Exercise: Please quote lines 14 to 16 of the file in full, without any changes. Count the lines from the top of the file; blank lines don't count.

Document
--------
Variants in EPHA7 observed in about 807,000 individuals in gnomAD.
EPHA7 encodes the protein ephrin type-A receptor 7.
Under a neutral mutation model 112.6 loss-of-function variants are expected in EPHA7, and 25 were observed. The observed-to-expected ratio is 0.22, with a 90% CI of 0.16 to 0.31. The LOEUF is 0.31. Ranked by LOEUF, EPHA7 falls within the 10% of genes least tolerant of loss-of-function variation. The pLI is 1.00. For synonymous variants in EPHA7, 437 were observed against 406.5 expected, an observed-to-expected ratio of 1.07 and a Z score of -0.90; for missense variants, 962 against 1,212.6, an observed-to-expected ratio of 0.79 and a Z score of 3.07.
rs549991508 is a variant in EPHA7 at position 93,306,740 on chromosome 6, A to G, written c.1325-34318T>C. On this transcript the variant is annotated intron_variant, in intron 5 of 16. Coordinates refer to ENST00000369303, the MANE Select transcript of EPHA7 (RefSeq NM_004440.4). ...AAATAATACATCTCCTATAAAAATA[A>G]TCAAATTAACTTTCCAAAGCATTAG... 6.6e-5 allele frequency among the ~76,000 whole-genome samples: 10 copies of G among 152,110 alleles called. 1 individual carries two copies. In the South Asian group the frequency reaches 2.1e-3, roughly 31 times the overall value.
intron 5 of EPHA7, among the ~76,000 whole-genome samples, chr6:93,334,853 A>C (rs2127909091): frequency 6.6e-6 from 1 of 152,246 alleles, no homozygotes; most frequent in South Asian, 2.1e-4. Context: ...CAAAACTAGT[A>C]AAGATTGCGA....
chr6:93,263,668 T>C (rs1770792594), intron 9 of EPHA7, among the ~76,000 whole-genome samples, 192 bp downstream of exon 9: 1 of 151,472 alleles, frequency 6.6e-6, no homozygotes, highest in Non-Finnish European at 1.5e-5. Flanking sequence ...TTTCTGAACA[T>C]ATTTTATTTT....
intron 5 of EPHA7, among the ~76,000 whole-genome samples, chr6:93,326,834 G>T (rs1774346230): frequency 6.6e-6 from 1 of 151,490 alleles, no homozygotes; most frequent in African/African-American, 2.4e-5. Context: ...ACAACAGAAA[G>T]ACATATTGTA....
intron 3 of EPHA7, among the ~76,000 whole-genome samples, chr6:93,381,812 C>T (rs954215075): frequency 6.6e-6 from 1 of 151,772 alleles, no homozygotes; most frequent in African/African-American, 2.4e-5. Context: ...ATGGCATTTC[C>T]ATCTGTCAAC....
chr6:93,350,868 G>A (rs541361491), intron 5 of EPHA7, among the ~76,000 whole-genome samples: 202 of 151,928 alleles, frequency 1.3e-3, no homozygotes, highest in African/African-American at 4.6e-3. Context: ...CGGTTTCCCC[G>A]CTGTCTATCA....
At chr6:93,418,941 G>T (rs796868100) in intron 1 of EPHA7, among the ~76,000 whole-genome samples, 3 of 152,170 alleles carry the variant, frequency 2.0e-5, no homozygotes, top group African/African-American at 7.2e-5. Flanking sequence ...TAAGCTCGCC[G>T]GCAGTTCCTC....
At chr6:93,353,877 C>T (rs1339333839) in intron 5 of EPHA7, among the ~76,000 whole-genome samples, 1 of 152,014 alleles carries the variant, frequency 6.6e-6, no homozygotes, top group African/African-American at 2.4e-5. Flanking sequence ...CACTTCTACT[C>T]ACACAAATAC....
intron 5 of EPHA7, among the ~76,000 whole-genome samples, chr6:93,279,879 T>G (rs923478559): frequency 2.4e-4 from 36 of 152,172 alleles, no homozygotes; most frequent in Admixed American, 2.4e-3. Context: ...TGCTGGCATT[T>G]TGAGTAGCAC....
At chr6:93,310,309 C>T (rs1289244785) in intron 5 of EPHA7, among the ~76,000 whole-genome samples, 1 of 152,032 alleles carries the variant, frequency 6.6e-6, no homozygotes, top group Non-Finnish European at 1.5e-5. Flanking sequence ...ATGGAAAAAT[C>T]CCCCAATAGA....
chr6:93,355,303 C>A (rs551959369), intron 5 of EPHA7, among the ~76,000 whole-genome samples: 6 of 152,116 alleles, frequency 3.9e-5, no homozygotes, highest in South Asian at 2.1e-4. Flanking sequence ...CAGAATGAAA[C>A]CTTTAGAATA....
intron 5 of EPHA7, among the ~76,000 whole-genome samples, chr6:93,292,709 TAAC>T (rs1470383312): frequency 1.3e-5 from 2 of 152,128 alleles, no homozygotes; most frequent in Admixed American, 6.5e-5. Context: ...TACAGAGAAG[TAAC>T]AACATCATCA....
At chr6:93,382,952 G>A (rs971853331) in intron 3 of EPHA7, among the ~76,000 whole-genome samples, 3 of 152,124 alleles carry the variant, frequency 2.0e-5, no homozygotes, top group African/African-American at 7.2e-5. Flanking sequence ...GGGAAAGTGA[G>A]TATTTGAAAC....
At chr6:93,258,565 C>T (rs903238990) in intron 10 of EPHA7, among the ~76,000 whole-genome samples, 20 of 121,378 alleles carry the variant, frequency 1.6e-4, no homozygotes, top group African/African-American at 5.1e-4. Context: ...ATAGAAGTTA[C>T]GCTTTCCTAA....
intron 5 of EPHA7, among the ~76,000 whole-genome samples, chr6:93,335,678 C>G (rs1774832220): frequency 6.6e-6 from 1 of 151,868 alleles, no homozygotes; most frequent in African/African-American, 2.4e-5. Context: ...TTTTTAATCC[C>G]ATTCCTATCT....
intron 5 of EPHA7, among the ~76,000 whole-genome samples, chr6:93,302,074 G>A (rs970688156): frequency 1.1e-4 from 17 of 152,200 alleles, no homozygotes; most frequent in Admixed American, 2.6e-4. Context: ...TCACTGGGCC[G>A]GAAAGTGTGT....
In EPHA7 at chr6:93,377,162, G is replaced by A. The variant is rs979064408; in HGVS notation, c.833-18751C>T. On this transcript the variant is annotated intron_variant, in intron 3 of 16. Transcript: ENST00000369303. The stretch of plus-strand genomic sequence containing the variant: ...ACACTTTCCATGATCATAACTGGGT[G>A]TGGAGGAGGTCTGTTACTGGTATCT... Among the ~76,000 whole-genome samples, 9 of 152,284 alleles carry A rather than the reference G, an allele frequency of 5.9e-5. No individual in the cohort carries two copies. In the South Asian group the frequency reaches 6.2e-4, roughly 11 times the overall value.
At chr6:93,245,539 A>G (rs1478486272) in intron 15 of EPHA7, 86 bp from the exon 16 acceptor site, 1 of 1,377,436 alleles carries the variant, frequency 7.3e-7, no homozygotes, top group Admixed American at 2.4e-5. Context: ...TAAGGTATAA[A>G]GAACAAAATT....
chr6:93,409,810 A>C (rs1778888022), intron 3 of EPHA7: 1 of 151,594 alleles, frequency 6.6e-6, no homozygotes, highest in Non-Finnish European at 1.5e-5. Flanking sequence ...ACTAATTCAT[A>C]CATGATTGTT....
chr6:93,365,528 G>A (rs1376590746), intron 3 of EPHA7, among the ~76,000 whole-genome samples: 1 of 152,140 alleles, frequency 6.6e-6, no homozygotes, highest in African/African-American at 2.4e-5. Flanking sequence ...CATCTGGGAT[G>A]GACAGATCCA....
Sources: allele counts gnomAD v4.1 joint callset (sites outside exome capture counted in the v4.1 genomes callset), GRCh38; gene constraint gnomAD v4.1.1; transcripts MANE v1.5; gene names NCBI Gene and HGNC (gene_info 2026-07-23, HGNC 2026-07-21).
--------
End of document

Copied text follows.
chr6:93,355,303 C>A (rs551959369), intron 5 of EPHA7, among the ~76,000 whole-genome samples: 6 of 152,116 alleles, frequency 3.9e-5, no homozygotes, highest in South Asian at 2.1e-4. Flanking sequence ...CAGAATGAAA[C>A]CTTTAGAATA....
intron 5 of EPHA7, among the ~76,000 whole-genome samples, chr6:93,292,709 TAAC>T (rs1470383312): frequency 1.3e-5 from 2 of 152,128 alleles, no homozygotes; most frequent in Admixed American, 6.5e-5. Context: ...TACAGAGAAG[TAAC>T]AACATCATCA....
At chr6:93,382,952 G>A (rs971853331) in intron 3 of EPHA7, among the ~76,000 whole-genome samples, 3 of 152,124 alleles carry the variant, frequency 2.0e-5, no homozygotes, top group African/African-American at 7.2e-5. Flanking sequence ...GGGAAAGTGA[G>A]TATTTGAAAC....